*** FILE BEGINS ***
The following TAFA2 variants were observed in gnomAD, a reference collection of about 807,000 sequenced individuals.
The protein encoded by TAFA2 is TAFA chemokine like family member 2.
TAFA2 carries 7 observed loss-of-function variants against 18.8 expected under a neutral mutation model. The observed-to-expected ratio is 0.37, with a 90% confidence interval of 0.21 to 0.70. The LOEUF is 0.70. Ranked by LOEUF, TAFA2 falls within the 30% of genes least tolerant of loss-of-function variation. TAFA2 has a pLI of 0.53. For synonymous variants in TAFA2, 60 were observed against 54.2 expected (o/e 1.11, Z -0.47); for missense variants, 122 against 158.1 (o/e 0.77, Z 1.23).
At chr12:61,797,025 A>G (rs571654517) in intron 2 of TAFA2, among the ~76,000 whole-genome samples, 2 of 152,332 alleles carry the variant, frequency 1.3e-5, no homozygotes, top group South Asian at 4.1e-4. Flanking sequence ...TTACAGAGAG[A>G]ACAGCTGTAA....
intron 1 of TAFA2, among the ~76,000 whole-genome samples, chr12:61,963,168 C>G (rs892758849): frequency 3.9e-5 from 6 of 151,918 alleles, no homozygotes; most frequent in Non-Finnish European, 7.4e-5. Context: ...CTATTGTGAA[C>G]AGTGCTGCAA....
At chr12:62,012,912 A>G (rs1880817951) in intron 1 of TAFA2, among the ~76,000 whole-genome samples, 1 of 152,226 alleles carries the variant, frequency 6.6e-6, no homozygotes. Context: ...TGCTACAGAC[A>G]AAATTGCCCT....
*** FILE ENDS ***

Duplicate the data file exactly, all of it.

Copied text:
The following TAFA2 variants were observed in gnomAD, a reference collection of about 807,000 sequenced individuals.
The protein encoded by TAFA2 is TAFA chemokine like family member 2.
TAFA2 carries 7 observed loss-of-function variants against 18.8 expected under a neutral mutation model. The observed-to-expected ratio is 0.37, with a 90% confidence interval of 0.21 to 0.70. The LOEUF is 0.70. Ranked by LOEUF, TAFA2 falls within the 30% of genes least tolerant of loss-of-function variation. TAFA2 has a pLI of 0.53. For synonymous variants in TAFA2, 60 were observed against 54.2 expected (o/e 1.11, Z -0.47); for missense variants, 122 against 158.1 (o/e 0.77, Z 1.23).
At chr12:61,797,025 A>G (rs571654517) in intron 2 of TAFA2, among the ~76,000 whole-genome samples, 2 of 152,332 alleles carry the variant, frequency 1.3e-5, no homozygotes, top group South Asian at 4.1e-4. Flanking sequence ...TTACAGAGAG[A>G]ACAGCTGTAA....
intron 1 of TAFA2, among the ~76,000 whole-genome samples, chr12:61,963,168 C>G (rs892758849): frequency 3.9e-5 from 6 of 151,918 alleles, no homozygotes; most frequent in Non-Finnish European, 7.4e-5. Context: ...CTATTGTGAA[C>G]AGTGCTGCAA....
At chr12:62,012,912 A>G (rs1880817951) in intron 1 of TAFA2, among the ~76,000 whole-genome samples, 1 of 152,226 alleles carries the variant, frequency 6.6e-6, no homozygotes. Context: ...TGCTACAGAC[A>G]AAATTGCCCT....